June 19, 2019    中文(简体)   
Among the greatest practitioners of what’s called the Toronto School of Architecture is David Pontarini, a founding partner of one of the leading design practices in this country, the eponymously named Hariri Pontarini Architects (HPA). (The other, of course, is Siamak Hariri.) Since its inception in 1994, HPA has won an endless string of awards for its beautifully executed modernist buildings that are notable for their exquisite attention to detail and their sensitivity to the urban context in which they’re placed. An earlier generation of architects like Barton Myers and Jack Diamond pioneered the Toronto School’s acute sensitivity to urban context, respect for heritage buildings and attention to proportions in designing new buildings. But Pontarini believes the scale of that has expanded. “Today we think about the framework of the entire city.” Modernism and urbanism have become one and the same.Nowhere has his concern for “context” been more evident than in his design for Rodeo Drive in Don Mills. Perhaps because modernism first took root in this country in “Canada’s first planned community,” Pontarini was eager to create a building that was “clean, simple and elegant” like such modernist masterpieces as Mies van der Rohe’s landmark Toronto Dominion Centre. Set on a podium, the Rodeo Drive tower rises 32 floors and is characterized by both a striking black-and-white colour palette and a minimalist materials palette evocative of the classic modernist motto, “less is more.” “We weren’t trying to do too much, so its simpleblack surfaces, perforated metal screens, some articulated pre-cast panels, and fritted white glass, all of which speak to a modernist design vocabulary.”  Over the last decade Pontarini has designed some of the sleekest, most stunning glass towers that have become icons of Toronto’s recent condominium boom. Among them such skyscraping landmarks as the 76-storey One Bloor at Yonge and Bloor and the 60-storey Massey Tower presently rising on Yonge Street across from the Eaton Centre. “Rodeo Drive is a much more intimate building,” notes Pontarini, “because it has to fit into a different context, a low-rise retail context.” That is true, of course, but Rodeo Drive will still be the building in the precinct with the “towering” views over the green arcadia that distinguishes the Don Mills/Bridle Path neighbourhood, with park-like greenswards in every direction. “The city wasn’t keen to have the density on the outer edges of the shopping centre precinct which is why our site, in the centre of the development, received the density and the height.” Rodeo Drive residents with the sweeping park-like views will, of course, reap the rewards of that decision. “It is my hope that Rodeo Drive will be a  clean modern fresh expression of this neig- hbourhood’s unique modernist architectural legacy.”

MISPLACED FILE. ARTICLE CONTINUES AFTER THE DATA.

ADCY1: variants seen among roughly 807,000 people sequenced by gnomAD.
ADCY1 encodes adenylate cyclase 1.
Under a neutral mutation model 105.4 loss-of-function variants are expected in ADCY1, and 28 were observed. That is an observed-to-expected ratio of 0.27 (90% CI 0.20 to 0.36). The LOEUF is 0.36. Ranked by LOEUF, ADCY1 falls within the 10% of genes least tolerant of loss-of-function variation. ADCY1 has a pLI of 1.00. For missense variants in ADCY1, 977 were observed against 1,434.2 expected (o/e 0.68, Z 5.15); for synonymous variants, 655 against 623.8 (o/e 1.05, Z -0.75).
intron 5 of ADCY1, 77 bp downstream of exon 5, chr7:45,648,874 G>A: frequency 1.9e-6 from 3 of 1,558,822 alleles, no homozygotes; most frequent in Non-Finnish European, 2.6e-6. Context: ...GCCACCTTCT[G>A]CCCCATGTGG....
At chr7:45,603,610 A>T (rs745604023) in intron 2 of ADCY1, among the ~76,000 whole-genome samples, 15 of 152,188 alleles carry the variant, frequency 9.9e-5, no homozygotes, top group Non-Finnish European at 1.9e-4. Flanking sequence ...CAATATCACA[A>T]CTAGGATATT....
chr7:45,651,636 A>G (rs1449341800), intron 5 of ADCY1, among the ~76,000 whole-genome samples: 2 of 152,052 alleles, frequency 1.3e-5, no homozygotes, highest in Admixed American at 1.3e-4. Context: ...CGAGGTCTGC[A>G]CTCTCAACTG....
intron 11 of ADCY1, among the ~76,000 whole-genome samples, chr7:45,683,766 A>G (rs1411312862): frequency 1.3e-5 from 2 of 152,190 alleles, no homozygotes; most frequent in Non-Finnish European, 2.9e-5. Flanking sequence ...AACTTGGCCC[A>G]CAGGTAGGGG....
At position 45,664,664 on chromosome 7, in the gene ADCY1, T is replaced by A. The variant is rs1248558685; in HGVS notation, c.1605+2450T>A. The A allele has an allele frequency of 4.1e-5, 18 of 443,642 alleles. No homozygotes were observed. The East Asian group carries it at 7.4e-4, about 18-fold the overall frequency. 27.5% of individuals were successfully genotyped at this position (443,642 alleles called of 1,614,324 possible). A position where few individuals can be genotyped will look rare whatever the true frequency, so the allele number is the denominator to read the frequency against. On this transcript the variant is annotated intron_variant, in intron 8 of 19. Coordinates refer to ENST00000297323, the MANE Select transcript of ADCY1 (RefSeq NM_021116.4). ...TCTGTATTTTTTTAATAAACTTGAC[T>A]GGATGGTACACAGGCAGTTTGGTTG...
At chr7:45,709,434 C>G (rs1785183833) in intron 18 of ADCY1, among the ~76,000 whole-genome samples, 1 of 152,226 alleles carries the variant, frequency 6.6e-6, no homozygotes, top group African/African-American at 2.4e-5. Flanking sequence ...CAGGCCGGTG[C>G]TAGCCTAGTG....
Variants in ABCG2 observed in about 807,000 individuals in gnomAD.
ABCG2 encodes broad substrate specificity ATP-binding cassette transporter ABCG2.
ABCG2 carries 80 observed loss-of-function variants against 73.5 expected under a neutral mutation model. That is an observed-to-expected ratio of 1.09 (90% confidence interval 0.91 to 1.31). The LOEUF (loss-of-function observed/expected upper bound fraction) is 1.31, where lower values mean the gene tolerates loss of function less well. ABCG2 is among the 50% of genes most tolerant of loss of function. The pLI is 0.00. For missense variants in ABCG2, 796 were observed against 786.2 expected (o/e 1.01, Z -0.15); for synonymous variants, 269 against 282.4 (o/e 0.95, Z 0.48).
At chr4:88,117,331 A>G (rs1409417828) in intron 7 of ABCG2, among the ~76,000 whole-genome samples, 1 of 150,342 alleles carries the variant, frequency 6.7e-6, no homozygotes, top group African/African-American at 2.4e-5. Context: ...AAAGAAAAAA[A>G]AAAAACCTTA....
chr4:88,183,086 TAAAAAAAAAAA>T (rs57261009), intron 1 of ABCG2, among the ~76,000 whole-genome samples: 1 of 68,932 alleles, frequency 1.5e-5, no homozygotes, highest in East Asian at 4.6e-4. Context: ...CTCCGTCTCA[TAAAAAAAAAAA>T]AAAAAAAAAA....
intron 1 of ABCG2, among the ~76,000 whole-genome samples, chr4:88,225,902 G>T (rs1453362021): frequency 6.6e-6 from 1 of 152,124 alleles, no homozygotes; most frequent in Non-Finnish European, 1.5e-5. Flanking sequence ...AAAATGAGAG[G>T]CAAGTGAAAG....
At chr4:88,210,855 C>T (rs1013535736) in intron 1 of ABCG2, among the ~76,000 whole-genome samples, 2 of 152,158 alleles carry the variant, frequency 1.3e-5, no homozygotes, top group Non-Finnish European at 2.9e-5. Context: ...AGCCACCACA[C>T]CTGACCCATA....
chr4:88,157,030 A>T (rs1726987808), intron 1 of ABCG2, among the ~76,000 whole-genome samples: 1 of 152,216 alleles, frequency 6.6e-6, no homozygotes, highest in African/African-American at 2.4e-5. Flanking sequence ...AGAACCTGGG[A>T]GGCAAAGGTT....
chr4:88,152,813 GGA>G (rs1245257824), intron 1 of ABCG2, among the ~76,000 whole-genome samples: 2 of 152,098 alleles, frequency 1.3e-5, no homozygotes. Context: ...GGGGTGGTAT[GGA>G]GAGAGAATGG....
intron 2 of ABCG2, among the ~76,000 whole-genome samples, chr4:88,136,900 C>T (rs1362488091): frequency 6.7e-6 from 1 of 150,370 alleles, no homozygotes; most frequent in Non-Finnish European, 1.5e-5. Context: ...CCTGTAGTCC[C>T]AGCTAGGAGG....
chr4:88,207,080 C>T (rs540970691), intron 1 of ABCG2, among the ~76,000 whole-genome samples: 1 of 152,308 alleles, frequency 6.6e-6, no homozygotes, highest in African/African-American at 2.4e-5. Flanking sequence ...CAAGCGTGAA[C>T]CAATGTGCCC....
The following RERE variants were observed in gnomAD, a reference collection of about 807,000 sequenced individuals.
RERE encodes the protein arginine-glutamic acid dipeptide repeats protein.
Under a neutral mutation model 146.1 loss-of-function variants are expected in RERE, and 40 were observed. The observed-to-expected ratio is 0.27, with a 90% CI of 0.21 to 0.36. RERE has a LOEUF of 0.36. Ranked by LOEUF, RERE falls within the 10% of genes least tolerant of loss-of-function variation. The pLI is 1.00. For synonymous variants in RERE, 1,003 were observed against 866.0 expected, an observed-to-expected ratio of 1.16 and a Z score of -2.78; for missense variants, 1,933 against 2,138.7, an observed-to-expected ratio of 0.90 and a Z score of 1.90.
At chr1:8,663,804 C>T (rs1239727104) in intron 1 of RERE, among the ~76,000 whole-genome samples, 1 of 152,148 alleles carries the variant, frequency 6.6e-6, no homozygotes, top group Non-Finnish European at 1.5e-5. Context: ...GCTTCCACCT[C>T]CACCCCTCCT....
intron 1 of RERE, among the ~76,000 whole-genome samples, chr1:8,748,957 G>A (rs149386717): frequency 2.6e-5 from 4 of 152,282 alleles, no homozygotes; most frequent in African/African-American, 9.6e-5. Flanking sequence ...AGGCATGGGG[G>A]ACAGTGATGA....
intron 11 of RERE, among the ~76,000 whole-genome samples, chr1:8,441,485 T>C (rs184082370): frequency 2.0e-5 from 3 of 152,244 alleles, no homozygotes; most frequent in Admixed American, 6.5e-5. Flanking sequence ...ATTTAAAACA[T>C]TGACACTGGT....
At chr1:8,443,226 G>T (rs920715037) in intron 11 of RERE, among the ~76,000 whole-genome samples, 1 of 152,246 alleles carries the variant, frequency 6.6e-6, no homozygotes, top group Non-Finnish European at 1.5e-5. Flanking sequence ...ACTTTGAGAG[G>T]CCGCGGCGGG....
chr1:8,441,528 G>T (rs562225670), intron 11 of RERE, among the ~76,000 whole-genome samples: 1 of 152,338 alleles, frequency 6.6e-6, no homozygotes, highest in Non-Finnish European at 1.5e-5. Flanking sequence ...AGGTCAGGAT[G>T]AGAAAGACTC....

"We weren’t trying to do too much, so it’s simple black surfaces, perforated metal screens, some articulated pre-cast panels, and fritted white glass, all of which speak to a modernist design vocabulary."

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